Last week, the Financial Crimes Enforcement Network (FinCEN) issued a final rule implementing the access and safeguard provisions of the Corporate Transparency Act (CTA) (the “Access Rule”). The Access Rule defines the terms under which beneficial ownership information (BOI) reported to FinCEN under the CTA may be disclosed to specified recipients. The Access Rule also imposes requirements on those recipients for them to safeguard the BOI in their possession.
FinCEN had previously issued a proposed version of the Access Rule which came under heavy criticism from both Congressional and industry critics. The Treasury Department quickly promised to make changes. This final version of the Access Rule represents FinCEN’s attempt to mollify those critics.
This Access Rule follows the final BOI Reporting Rule FinCEN issued on September 30, 2022 (the “Reporting Rule”), which requires corporations, limited liability companies, and other similar entities created in or registered to do business in the United States to report to FinCEN information about themselves, their beneficial owners, and, in some cases, their company applicants. FinCEN will store these reports of BOI data in a so-called “beneficial ownership secure system” or “BOSS”. By making this BOI data available to law enforcement and government regulators, FinCEN hopes to protect national security, enforce laws, and promote other policy objectives identified in the CTA.
The Access Rule Framework
The CTA establishes that BOI is confidential and may not be disclosed except as authorized under the CTA and the Access Rule. FinCEN may disclose BOI only under specific circumstances to six categories of recipients:
(1) U.S. Federal agencies engaged in national security, intelligence, or law enforcement activity;
(2) U.S. State, local, and Tribal law enforcement agencies;
(3) Foreign law enforcement agencies, judges, prosecutors, central authorities, and competent authorities (foreign requesters);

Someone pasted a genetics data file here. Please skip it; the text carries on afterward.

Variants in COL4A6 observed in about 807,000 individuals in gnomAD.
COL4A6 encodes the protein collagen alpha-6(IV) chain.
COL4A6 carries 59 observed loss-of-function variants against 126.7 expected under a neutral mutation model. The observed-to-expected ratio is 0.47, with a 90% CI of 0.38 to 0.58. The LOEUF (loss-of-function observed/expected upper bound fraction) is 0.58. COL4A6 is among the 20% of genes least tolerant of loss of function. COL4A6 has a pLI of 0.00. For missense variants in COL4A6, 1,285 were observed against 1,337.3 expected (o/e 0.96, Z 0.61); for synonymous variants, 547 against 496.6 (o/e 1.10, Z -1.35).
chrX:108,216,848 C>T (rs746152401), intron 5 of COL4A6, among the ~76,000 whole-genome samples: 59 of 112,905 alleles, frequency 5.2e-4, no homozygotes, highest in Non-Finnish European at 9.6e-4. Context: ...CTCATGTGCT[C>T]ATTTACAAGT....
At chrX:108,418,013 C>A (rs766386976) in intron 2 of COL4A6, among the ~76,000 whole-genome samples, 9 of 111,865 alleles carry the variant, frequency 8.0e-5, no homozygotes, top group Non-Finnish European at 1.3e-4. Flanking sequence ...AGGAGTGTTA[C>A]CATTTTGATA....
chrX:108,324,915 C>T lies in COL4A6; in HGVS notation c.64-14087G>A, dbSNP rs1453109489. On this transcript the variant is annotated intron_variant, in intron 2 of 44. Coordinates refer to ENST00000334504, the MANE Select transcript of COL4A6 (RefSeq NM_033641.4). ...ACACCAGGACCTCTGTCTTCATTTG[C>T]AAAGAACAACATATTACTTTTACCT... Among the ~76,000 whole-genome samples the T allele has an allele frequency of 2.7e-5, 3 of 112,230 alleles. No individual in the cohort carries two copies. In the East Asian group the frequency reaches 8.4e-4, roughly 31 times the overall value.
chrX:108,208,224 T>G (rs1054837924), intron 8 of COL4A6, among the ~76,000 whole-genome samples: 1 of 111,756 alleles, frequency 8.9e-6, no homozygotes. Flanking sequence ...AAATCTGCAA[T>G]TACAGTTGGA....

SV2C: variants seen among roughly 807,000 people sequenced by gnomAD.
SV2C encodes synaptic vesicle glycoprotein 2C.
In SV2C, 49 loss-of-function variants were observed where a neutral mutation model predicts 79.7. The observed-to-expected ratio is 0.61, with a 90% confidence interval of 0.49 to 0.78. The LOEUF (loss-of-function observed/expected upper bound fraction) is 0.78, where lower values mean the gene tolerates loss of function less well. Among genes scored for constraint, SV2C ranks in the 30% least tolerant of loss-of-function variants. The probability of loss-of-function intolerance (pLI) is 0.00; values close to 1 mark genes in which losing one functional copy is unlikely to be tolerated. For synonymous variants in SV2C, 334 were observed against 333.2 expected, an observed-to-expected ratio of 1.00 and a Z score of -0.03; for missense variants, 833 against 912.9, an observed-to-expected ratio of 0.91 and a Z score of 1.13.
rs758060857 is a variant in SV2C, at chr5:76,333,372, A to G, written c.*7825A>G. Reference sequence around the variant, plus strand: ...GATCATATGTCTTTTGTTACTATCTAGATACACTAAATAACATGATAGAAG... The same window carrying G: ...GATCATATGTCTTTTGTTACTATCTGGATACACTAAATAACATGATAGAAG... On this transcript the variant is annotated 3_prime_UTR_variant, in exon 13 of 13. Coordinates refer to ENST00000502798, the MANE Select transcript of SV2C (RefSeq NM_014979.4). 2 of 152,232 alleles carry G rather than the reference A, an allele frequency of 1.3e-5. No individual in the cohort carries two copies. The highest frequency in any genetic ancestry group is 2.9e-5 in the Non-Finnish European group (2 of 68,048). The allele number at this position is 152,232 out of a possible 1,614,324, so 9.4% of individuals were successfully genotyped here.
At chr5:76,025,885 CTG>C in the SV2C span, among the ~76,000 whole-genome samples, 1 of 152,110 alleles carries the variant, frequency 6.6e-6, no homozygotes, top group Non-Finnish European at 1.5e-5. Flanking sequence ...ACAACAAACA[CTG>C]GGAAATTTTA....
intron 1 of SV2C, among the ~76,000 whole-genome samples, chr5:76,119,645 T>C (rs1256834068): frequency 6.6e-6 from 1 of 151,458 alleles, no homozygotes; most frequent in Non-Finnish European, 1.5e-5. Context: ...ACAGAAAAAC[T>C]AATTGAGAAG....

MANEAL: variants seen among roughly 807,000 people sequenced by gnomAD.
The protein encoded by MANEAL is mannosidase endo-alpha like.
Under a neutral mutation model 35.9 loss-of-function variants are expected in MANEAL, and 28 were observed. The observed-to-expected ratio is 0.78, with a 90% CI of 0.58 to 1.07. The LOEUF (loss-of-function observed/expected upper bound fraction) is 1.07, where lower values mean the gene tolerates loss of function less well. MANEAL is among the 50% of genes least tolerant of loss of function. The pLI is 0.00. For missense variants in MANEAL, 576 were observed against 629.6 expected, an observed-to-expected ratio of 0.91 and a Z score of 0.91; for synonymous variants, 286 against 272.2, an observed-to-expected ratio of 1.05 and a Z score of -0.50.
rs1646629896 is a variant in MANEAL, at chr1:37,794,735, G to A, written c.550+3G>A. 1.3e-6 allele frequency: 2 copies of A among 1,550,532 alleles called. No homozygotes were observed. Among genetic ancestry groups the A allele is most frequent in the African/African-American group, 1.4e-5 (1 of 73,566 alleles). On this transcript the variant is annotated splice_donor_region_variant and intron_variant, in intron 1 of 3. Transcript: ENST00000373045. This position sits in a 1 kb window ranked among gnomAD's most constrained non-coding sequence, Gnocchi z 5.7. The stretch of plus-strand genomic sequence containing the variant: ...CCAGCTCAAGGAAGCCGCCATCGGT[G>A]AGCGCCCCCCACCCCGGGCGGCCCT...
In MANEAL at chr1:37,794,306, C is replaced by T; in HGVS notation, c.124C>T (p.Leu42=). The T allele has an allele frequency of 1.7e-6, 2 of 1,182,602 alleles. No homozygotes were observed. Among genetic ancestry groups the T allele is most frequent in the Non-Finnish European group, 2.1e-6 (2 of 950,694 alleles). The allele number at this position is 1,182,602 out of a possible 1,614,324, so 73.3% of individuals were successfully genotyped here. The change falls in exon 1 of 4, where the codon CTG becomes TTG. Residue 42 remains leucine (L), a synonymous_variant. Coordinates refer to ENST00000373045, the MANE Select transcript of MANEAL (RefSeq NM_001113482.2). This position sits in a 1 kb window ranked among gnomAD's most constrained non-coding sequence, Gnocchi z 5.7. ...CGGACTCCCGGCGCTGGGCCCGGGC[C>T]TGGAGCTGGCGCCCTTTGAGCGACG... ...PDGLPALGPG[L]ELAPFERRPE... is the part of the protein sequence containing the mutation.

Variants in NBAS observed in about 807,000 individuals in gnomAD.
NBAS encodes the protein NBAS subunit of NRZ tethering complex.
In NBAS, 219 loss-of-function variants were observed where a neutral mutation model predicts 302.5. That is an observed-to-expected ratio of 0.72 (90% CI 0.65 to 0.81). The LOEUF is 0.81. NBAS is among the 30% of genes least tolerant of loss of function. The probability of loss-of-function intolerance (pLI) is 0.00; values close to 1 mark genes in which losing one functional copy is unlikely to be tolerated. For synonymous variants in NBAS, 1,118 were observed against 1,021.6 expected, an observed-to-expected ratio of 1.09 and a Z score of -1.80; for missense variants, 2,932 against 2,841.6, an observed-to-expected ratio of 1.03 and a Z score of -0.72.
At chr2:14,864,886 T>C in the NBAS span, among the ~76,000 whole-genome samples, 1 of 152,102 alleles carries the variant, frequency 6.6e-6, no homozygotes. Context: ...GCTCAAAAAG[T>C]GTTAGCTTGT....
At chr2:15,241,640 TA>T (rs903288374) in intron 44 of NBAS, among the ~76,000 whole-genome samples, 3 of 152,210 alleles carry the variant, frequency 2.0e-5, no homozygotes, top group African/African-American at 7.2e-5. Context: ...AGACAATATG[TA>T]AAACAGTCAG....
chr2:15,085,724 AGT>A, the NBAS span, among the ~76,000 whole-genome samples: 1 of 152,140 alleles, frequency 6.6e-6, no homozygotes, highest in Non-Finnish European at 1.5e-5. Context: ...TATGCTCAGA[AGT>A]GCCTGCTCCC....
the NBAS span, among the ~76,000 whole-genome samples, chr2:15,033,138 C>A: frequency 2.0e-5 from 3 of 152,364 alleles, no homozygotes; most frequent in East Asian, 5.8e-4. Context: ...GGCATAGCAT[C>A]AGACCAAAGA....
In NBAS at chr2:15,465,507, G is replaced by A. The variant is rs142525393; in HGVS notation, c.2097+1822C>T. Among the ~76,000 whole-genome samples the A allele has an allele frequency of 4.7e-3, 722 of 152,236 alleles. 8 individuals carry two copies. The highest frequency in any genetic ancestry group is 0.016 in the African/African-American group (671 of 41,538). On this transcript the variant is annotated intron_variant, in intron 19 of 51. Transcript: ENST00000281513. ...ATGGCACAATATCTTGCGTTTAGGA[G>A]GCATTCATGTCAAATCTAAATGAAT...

(4) Financial institutions using BOI to facilitate compliance with customer due diligence (CDD) requirements under applicable law;
(5) Federal functional regulators and other appropriate regulatory agencies acting in a supervisory capacity assessing financial institutions for compliance with CDD requirements under applicable law; and
(6) Treasury officers and employees.
The Access Rule imposes security and confidentiality requirements on each category of authorized recipient.,
Federal Government Agencies
Under the Access Rule, FinCEN may disclose BOI to Federal agencies engaged in national security, intelligence, or law enforcement activity if the requested BOI is for use in furtherance of such activity. The Access Rule defines “Law enforcement activity” to include both criminal and civil investigations and actions, such as actions to impose civil penalties, civil forfeiture actions, and civil enforcement through administrative proceedings.
Prior to requesting BOI, Federal agency users must certify that the agency is engaged in a national security, intelligence, or law enforcement activity and that the information requested is for use in furtherance of that activity. They must also provide specific reasons why the requested information is relevant to the activity.
State, Local, and Tribal Law Enforcement Agencies
FinCEN may disclose BOI to State, local, and Tribal law enforcement agencies if “a court of competent jurisdiction” has authorized the law enforcement agency to seek the information in a criminal or civil investigation.
Before requesting BOI, State, local, and Tribal law enforcement agency users must certify that a court of competent jurisdiction has authorized the agency to seek the information in a criminal or civil investigation and that the requested information is relevant to the criminal or civil investigation. Such users must also provide a description of the information the court has authorized the agency to seek.
FinCEN may disclose BOI to foreign requesters only if their requests meet certain criteria. Specifically, the foreign request for BOI must be on behalf of a law enforcement agency, prosecutor, or judge of another country, or on behalf of a foreign central authority or foreign competent authority, and:
(1) Come to FinCEN through an intermediary Federal agency;
(2) Be for assistance in a law enforcement investigation or prosecution, or for a national security or intelligence activity, authorized under the laws of the foreign country; and
(3) Either be made under an international treaty, agreement, or convention, or, when no such instrument is available, be an official request by a law enforcement, judicial, or prosecutorial authority of a trusted foreign country.